Republican candidate for governor Doug Mastriano wants to introduce legislation that prohibits teaching of certain principles in schools and to punish those who do.
The state senator from Franklin County says in a co-sponsorship memoranda that “I will be introducing legislation to prohibit sexually explicit, obscene, and racist principles from being introduced, taught or discussed in the school setting. My legislation would further impose penalties for Administration staff, teachers, volunteers, or contractors who engage, encourage, promote, disseminate, or imply sexually explicit or racist concepts.”
Mastriano’s yet-to-be-written bill aims to put on the books what a rising number of advocacy organizations are trying to accomplish.
According to Jonathan Friedman, the director of free expression and education programs at PEN America, the “groups pressure schools and districts to circumvent established guidelines for determining what books should be used in curricula or available in school libraries. They use the rhetoric of parental rights to trump the expertise of educators and librarians, while notably ignoring the differing views of other parents and students.”
In the memoranda, Mastriano wrote, “We have heard from parents, teachers and students expressing their concerns with racist concepts, conversations about sexual orientation and gender identity, and sexually explicit content within the school settings. Parents have voiced frustration with overly intrusive surveys distributed to students without parental knowledge. Parents have a fundamental right to decide what their child should be exposed to and what is age appropriate.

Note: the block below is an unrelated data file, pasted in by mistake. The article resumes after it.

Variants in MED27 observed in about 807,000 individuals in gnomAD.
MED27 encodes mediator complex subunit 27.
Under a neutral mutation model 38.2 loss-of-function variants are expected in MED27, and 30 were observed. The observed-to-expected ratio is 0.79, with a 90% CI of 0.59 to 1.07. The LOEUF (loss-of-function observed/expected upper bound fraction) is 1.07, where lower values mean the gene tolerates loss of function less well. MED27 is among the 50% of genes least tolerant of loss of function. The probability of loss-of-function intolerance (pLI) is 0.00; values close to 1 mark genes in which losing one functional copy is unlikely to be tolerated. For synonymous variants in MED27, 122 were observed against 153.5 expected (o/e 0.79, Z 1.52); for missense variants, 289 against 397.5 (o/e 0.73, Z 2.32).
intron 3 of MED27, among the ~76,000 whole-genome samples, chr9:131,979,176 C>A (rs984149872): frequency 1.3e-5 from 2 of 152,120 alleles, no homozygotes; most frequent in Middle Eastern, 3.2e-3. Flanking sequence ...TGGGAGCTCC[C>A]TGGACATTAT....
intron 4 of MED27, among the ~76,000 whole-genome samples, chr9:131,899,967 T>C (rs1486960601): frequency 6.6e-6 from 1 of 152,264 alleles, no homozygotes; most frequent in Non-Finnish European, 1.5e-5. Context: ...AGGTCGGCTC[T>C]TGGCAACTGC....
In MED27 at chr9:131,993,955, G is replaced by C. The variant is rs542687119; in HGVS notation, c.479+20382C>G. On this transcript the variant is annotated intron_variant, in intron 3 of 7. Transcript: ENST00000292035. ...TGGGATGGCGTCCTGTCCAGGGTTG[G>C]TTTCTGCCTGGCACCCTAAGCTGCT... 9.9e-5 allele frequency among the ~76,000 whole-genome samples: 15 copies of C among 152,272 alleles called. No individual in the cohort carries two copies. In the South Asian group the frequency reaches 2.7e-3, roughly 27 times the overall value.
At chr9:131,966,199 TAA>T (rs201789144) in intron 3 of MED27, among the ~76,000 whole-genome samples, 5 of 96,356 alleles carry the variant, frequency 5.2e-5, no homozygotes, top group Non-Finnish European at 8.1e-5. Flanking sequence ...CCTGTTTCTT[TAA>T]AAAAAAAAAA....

“Schools should be a place for engaging in academic discussions and creating citizens capable of self-governance. They are not the place to engage in politically divisive concepts that impart personal beliefs on impressionable young minds.”
A question arises, though – where are the schools in Pennsylvania where this is happening?
According to Dr. Elizabeth J. Meyer, associate professor in the School of Education at the University of Colorado, writing in Psychology Today, there is limited evidence of Critical Race Theory (CRT) being taught in public K-12 schools (NEPC 2021). She also notes that there is a great deal of misunderstanding and misrepresentation as to what CRT actually is.
Moms for Liberty, a rapidly growing right-wing parent group that has pushed for book bans and against equity initiatives in schools nationwide over the last year, is now asking school board candidates to sign a pledge to uphold parental rights if elected, according to Education Week.
“I pledge to honor the fundamental rights of parents including, but not limited to the right to direct the education, medical care, and moral upbringing of their children,” the pledge for school board candidates reads. “I pledge to advance policies that strengthen parental involvement and decision-making, increase transparency, defend against government overreach, and secure parental rights at all levels of government.”
Speaking to a group in Warminster last Saturday, Mastriano said “that on Day 1, the sexualization of our kids, pole dancing and all this other crap that is going on will be forbidden in our schools. All the graphic, pornographic books that are in elementary schools will be pulled out. On day 1 and done, critical race theory will be out the window.”